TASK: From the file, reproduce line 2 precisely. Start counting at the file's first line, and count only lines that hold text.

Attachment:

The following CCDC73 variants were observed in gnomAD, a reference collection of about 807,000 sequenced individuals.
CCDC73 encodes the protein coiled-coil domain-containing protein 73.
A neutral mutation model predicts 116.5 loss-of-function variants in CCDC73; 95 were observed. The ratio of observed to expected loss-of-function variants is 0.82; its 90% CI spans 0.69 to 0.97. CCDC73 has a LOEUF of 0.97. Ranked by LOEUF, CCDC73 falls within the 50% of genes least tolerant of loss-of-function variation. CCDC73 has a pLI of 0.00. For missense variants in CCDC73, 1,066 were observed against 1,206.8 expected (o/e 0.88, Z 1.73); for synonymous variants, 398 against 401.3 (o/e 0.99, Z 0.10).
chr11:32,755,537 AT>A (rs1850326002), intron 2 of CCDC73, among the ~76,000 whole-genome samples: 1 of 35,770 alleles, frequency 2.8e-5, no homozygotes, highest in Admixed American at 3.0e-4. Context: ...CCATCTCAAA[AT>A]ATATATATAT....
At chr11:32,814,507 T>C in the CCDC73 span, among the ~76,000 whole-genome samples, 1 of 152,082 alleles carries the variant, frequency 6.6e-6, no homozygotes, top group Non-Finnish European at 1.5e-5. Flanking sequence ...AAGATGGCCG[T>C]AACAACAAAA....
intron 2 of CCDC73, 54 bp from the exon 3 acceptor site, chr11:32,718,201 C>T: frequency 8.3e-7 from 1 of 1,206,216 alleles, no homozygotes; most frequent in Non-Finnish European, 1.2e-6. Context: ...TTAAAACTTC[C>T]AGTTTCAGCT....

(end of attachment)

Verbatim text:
CCDC73 encodes the protein coiled-coil domain-containing protein 73.